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Old 09-04-2011, 07:49 PM
 
Location: Vancouver, BC
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By contrast, interesting to think there are places north of 60N in Europe that have never gone below 0F.. funny how different climates work.
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Old 09-04-2011, 08:00 PM
Status: "I used to be Hell on wheels back when I was a younger man." (set 22 days ago)
 
Location: North Beach, MD on the Chesapeake
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For NYC, and other cities, y'all are forgetting the Urban Heat Island Effect.
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Old 09-04-2011, 08:28 PM
 
Location: Leeds, UK
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Quote:
Originally Posted by deneb78 View Post
By contrast, interesting to think there are places north of 60N in Europe that have never gone below 0F.. funny how different climates work.
I've never recorded a temperature lower than 0F at 53 degrees north..

yeah, the Gulf Stream is a magical thing. Or a terrible thing for me.
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Old 09-04-2011, 08:43 PM
 
Location: New Jersey
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Quote:
Originally Posted by nei View Post
Might not. I think it was colder across the US in the late 1800s and early 1900s than today. Looked like below 0F were much more common in NYC years ago than now. It hasn't gone below -2F since 1943 so perhaps extreme cold might be slightly less likely in NYC and probably across the east coast:

http://www.erh.noaa.gov/okx/climate/...w0degdays.html
I don't think the urban heat effect in Tallahassee is nearly as strong as it is in NYC. IIRC, cities up and down the eastern seaboard, including Tallahassee, had nights that were nearly as cold as NYC last December.

These record low temperatures are unlikely, but not impossible.
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Old 09-04-2011, 11:03 PM
 
Location: New York City
2,790 posts, read 3,267,276 times
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Quote:
Originally Posted by nei View Post
Might not. I think it was colder across the US in the late 1800s and early 1900s than today. Looked like below 0F were much more common in NYC years ago than now. It hasn't gone below -2F since 1943 so perhaps extreme cold might be slightly less likely in NYC and probably across the east coast:

http://www.erh.noaa.gov/okx/climate/...w0degdays.html
The decrease in sub 0 temperatures in NYC is striking.
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Old 09-04-2011, 11:19 PM
 
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Originally Posted by MrMarbles View Post
The decrease in sub 0 temperatures in NYC is striking.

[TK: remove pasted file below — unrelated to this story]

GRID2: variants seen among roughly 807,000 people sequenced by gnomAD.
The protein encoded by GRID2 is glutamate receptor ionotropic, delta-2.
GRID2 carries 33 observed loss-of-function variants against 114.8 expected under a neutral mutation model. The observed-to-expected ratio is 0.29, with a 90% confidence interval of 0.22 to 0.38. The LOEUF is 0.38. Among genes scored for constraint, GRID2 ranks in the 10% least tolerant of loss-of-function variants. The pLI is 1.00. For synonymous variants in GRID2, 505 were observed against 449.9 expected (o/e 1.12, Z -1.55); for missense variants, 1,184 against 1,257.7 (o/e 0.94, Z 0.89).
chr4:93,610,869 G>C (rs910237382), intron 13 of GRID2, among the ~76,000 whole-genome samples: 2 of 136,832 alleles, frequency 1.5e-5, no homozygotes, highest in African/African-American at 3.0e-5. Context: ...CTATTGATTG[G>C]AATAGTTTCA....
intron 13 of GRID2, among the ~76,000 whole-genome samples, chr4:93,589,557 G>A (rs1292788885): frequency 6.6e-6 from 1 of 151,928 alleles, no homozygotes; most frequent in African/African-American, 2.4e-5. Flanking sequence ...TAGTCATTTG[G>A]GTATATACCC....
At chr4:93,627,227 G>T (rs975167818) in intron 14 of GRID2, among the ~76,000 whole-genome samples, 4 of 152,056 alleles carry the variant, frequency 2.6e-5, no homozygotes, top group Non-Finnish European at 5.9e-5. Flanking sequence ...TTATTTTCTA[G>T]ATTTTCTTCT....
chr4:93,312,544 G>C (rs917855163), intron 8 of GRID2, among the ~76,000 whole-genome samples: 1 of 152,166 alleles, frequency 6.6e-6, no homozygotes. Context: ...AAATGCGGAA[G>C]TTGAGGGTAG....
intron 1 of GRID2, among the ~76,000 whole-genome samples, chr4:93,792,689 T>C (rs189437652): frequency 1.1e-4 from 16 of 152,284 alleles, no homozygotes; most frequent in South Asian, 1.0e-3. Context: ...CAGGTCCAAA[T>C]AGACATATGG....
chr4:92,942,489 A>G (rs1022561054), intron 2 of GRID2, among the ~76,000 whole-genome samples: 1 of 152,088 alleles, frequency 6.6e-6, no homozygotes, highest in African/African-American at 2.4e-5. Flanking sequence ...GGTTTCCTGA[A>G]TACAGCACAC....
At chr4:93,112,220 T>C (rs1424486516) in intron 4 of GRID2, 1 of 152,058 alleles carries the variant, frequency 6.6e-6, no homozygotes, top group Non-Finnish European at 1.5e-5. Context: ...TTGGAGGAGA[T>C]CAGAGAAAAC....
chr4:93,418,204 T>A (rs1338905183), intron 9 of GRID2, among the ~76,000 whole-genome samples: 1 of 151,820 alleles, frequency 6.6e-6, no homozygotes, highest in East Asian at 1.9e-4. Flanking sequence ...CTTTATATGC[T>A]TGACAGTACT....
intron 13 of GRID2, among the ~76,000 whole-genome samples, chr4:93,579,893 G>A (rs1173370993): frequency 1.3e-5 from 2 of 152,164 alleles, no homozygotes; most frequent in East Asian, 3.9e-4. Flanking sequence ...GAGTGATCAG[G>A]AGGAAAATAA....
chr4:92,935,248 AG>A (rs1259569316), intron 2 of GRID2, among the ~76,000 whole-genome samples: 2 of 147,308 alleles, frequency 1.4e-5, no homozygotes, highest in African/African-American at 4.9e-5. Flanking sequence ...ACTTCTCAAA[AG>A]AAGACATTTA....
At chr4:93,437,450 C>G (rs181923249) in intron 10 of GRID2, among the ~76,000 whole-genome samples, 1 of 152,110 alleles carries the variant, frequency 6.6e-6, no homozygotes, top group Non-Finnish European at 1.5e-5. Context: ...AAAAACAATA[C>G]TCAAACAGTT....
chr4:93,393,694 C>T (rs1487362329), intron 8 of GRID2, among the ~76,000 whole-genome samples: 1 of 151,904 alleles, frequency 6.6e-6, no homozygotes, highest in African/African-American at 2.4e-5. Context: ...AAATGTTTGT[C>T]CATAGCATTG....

global warming.
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Old 09-04-2011, 11:25 PM
 
Location: Leeds, UK
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Originally Posted by Kaul View Post
global warming.
Global climate altering is what it is referred to nowadays.

Seriously though, NYC has grown so much since the 1800's, no wonder the frequency of sub-zero temperatures has decreased in NYC. Similar in London, a temperature of -21C was reported in London in the 1700's but more or less impossible today due to the huge Urban Heat Island.
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Old 09-05-2011, 09:10 PM
 
Location: Western Massachusetts
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Quote:
Originally Posted by dunno what to put here View Post
Global climate altering is what it is referred to nowadays.

Seriously though, NYC has grown so much since the 1800's, no wonder the frequency of sub-zero temperatures has decreased in NYC. Similar in London, a temperature of -21C was reported in London in the 1700's but more or less impossible today due to the huge Urban Heat Island.
Meh. I thought all of Europe was colder in the 1700s.

Going back to NYC, the frequent below zero temps continued till the 1940s. NYC was similar in population to today by the 1940s, though the outer suburbs hadn't been developed yet, but those are at least 20 miles from the Central Park Weather Station, so they shouldn't add much to the heat island. Manhattan and some nearby areas were mostly built up by the end of the 1800s. I'd imagine the fact it being in Central Park would buffer the effects of the heat island a bit.
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Old 09-06-2011, 08:43 AM
 
Location: sevilla-Espaa
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Austin, Texas - Wikipedia, the free encyclopedia
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Old 09-08-2011, 01:37 AM
 
Location: NW Victoria, Australia
99 posts, read 33,986 times
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Quote:
Originally Posted by Kaul View Post
global warming.

Or the fact that there is 20 million people's worth of urban heat island.

On a related note, where the hell do you live anyway? Trust you not to put your location in your profile
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